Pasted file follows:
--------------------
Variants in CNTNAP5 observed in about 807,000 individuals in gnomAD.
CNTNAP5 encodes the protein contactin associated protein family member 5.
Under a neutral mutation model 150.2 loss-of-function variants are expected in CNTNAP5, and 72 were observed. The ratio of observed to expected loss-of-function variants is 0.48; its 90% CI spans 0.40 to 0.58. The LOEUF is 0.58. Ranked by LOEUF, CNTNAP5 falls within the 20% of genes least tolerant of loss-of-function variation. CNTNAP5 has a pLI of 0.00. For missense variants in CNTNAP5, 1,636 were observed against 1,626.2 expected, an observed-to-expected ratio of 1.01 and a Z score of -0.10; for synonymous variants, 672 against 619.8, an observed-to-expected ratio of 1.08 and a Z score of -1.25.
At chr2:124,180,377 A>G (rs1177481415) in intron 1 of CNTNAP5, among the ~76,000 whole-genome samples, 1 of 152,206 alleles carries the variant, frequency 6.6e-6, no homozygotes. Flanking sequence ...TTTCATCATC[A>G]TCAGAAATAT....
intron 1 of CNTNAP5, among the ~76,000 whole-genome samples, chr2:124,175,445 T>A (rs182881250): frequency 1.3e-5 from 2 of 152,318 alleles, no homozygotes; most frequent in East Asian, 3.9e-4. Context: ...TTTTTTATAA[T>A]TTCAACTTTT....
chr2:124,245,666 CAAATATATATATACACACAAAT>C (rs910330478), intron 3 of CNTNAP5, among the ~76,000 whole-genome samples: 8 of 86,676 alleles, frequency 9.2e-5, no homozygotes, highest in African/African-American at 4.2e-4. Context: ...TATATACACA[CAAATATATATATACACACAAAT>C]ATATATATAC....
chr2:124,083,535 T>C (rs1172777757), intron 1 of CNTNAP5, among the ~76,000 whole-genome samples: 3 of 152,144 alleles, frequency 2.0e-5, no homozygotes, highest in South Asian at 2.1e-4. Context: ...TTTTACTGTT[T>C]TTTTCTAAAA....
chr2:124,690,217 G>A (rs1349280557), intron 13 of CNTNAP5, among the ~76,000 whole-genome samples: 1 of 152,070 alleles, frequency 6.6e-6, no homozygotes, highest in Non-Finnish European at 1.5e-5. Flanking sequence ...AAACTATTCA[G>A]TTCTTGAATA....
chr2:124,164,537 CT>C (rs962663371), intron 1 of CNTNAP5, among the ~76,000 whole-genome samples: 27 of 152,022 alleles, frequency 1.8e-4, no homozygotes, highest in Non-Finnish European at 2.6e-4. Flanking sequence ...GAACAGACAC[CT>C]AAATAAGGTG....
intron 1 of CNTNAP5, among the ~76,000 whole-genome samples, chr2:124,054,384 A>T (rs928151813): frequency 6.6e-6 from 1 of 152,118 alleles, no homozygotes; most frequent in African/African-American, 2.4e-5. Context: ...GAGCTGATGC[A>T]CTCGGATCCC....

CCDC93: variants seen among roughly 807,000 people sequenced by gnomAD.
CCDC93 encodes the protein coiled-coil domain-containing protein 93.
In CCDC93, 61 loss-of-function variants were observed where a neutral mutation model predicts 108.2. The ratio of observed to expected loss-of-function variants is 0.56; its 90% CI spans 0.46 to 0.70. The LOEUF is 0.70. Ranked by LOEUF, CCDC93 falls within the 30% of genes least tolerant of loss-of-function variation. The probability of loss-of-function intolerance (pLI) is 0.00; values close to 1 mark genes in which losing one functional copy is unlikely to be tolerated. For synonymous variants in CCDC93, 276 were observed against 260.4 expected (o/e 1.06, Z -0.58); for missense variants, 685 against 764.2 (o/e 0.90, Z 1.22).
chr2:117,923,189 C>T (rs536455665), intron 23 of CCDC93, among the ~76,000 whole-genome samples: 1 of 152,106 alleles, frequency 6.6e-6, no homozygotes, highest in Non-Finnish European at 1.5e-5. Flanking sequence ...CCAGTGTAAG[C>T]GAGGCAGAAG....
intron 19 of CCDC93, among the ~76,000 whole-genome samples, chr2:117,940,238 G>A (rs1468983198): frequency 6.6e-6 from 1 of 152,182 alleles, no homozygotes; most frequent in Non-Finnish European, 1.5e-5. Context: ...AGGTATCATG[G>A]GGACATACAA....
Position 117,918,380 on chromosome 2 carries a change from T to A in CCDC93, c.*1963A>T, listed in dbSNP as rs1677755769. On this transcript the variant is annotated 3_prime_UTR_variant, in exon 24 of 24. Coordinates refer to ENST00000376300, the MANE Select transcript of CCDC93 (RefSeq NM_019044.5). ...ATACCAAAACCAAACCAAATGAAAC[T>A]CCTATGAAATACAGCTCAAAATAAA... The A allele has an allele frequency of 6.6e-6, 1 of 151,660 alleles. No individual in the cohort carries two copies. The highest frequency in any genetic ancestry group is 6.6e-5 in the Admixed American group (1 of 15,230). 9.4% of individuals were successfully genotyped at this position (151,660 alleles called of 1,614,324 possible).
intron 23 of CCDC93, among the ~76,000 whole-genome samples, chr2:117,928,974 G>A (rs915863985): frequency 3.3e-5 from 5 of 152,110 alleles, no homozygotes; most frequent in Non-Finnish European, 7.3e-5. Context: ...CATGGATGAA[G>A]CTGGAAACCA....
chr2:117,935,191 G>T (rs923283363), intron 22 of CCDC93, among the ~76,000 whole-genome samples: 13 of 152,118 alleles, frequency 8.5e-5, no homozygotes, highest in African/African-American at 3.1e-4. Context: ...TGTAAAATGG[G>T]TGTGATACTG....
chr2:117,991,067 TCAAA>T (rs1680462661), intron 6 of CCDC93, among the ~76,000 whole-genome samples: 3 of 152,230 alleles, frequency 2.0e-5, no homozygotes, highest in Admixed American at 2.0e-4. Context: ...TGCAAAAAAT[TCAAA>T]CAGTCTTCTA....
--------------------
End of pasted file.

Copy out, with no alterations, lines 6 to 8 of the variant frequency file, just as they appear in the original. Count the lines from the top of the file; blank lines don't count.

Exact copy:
chr2:124,245,666 CAAATATATATATACACACAAAT>C (rs910330478), intron 3 of CNTNAP5, among the ~76,000 whole-genome samples: 8 of 86,676 alleles, frequency 9.2e-5, no homozygotes, highest in African/African-American at 4.2e-4. Context: ...TATATACACA[CAAATATATATATACACACAAAT>C]ATATATATAC....
chr2:124,083,535 T>C (rs1172777757), intron 1 of CNTNAP5, among the ~76,000 whole-genome samples: 3 of 152,144 alleles, frequency 2.0e-5, no homozygotes, highest in South Asian at 2.1e-4. Context: ...TTTTACTGTT[T>C]TTTTCTAAAA....
chr2:124,690,217 G>A (rs1349280557), intron 13 of CNTNAP5, among the ~76,000 whole-genome samples: 1 of 152,070 alleles, frequency 6.6e-6, no homozygotes, highest in Non-Finnish European at 1.5e-5. Flanking sequence ...AAACTATTCA[G>A]TTCTTGAATA....